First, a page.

Few things in modern medicine have been more controversial than federal guidelines for prostate cancer screening announced in 2011 by a panel of medical experts called the U.S. Preventive Services Task Force.
The recommendation itself was simple: Men, regardless of age, should not get the long-used blood test for prostate cancer.
The PSA test measures the level of a protein released by the prostate called prostate specific antigen. Elevated levels can signify the likelihood of tumors. It typically had been recommended by many doctors as a yearly test for men beginning at age 50.
But as a method for finding dangerous cancers, the test isn’t precise. It yields a high number of false positives: When men get prostate biopsies because of a high PSA level, only about 25 percent actually have prostate cancer, according to the National Cancer Institute. And there are also many false negatives, with men developing prostate cancer even though their PSA levels are low.
The test is usually performed in concert with a digital rectal exam, in which a doctor inserts his finger in a patient’s rectum to check the prostate for abnormalities, such as lumps. Sometimes one method helps find cancer when the other doesn’t.
Prostate cancer almost always emerges after age 50, and grows slowly. It’s the most common non-skin cancer in men. Many get it – about 16 percent of American men – but in most cases it’s not fatal or even dangerous.
The odds are significantly different, though, for black men, particularly in North Carolina, where they are almost twice as likely to develop it and nearly three times as likely to die of it.
Using large studies of prostate cancer patients, the task force decided that while PSA screening might save some lives, it also leads to many diagnoses of cancer that wouldn’t progress or that would grow so slowly that men would never experience symptoms and would die of something else. The side effects – such as infection, urinary incontinence and impotence – of biopsies and unnecessary treatments in 20 to 30 percent of men outweighed any modest reduction in deaths, the panel decided.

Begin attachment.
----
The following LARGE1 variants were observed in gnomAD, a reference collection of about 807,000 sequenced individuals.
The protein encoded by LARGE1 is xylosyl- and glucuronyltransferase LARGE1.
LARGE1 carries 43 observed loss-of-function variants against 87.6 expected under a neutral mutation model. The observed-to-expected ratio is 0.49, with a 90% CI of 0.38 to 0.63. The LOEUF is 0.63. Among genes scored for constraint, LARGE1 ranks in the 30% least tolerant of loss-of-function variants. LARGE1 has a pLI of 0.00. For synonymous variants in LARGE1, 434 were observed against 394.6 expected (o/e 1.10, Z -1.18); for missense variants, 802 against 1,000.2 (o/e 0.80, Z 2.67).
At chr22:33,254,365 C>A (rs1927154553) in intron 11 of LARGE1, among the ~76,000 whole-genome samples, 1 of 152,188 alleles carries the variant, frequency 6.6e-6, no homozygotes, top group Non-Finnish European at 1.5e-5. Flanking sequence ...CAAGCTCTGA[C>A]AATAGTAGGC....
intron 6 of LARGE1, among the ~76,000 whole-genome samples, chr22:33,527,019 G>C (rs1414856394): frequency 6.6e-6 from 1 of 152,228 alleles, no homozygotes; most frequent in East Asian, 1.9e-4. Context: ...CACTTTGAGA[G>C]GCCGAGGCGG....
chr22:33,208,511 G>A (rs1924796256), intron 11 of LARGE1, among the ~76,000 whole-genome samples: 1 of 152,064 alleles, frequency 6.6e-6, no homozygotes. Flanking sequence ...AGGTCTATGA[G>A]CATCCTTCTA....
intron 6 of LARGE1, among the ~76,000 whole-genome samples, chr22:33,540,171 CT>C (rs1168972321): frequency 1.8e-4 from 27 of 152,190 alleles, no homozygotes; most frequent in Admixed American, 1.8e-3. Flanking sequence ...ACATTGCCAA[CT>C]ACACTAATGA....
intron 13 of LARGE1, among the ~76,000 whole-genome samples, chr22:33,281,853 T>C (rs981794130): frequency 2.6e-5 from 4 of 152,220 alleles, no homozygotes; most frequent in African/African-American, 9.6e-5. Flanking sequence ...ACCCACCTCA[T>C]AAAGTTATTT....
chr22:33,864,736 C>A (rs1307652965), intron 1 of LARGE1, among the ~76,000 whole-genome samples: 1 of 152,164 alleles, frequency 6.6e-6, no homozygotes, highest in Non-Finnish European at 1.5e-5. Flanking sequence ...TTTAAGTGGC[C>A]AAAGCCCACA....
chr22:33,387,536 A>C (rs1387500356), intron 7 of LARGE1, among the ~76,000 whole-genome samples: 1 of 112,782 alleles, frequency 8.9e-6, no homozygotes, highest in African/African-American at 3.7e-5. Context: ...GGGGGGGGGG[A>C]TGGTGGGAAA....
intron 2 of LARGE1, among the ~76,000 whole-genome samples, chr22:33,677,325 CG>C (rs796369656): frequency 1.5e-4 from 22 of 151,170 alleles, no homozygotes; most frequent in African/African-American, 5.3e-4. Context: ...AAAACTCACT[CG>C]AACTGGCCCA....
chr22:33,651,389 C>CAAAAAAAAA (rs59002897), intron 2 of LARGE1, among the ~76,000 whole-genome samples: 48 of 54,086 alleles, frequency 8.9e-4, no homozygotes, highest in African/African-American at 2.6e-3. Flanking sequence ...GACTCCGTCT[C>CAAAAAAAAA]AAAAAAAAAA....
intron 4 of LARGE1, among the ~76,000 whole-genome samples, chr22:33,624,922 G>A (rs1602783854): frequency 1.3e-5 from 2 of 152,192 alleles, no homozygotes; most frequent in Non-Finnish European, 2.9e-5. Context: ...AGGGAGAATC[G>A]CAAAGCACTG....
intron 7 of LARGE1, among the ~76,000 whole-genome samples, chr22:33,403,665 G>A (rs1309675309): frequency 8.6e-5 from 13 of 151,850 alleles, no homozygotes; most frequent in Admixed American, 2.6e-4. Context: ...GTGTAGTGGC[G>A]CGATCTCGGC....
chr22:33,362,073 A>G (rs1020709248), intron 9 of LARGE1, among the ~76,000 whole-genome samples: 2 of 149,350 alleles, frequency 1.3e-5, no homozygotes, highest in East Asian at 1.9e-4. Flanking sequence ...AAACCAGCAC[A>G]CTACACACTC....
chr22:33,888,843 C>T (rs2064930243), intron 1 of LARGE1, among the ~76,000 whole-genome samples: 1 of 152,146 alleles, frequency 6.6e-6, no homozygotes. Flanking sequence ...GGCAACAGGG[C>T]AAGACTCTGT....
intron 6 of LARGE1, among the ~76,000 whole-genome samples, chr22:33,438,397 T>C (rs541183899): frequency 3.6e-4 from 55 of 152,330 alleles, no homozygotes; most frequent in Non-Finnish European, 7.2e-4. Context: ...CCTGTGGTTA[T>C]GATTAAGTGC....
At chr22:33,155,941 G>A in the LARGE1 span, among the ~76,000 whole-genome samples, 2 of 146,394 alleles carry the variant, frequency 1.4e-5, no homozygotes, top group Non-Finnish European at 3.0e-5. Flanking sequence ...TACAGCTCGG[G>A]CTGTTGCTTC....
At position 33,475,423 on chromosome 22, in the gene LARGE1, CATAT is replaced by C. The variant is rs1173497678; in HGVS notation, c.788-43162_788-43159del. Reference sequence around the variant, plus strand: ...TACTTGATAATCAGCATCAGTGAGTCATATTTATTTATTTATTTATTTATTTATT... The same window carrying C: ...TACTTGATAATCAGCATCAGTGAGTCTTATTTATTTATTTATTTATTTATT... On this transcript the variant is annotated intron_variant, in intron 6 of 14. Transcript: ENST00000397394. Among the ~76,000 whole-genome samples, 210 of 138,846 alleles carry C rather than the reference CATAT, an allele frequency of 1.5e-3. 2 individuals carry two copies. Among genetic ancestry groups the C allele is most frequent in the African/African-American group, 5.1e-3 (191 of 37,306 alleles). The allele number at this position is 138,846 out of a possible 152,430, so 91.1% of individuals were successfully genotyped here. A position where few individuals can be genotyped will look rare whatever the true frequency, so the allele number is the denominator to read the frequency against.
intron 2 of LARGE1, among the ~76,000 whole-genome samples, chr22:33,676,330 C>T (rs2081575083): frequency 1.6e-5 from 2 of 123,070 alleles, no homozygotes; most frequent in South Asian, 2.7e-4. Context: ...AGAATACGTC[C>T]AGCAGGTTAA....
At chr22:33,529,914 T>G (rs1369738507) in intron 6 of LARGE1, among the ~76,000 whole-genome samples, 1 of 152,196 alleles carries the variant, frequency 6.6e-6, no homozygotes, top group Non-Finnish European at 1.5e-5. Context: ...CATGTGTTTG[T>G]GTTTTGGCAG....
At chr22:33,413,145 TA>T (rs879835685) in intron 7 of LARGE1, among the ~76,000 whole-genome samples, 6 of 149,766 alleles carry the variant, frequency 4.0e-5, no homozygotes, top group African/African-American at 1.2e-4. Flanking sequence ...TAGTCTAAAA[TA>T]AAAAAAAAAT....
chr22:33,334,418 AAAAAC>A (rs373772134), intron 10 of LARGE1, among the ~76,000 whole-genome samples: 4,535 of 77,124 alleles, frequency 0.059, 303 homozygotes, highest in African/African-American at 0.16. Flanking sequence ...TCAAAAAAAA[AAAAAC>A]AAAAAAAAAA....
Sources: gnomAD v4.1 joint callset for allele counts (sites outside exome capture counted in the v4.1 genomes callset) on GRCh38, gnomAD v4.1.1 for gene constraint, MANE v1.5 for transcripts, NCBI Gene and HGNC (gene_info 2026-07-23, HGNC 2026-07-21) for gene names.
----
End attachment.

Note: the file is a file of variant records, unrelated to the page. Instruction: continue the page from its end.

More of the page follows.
The report noted the higher risks for black men and said that there didn’t appear to be significant numbers of black men in the studies used to create the guidelines. But it also said that didn’t mean black men should get the PSA test.
“Thus, no firm conclusions can be made about the balance of benefits and harms of PSA-based screening in this population,” the guidelines state. “However, it is problematic to selectively recommend PSA-based screening for black men in the absence of data that support a more favorable balance of risks and benefits. A higher incidence of cancer will result in more diagnoses and treatments, but the increase may not be accompanied by a larger absolute reduction in mortality.”
Fighting the guidelines
The panel’s recommendations caused an instant uproar, with dissent coming in particular from urologists and oncologists.
By injecting confusion into the already difficult process of reaching black men with health information and preventive health care, the recommendations are inevitably contributing to deaths, some say.
Dr. Greg Murphy’s Greenville-based practice, Eastern Urological Associates, handles cases from many of the communities that are suffering from some of the widest racial disparities in prostate cancer in the nation.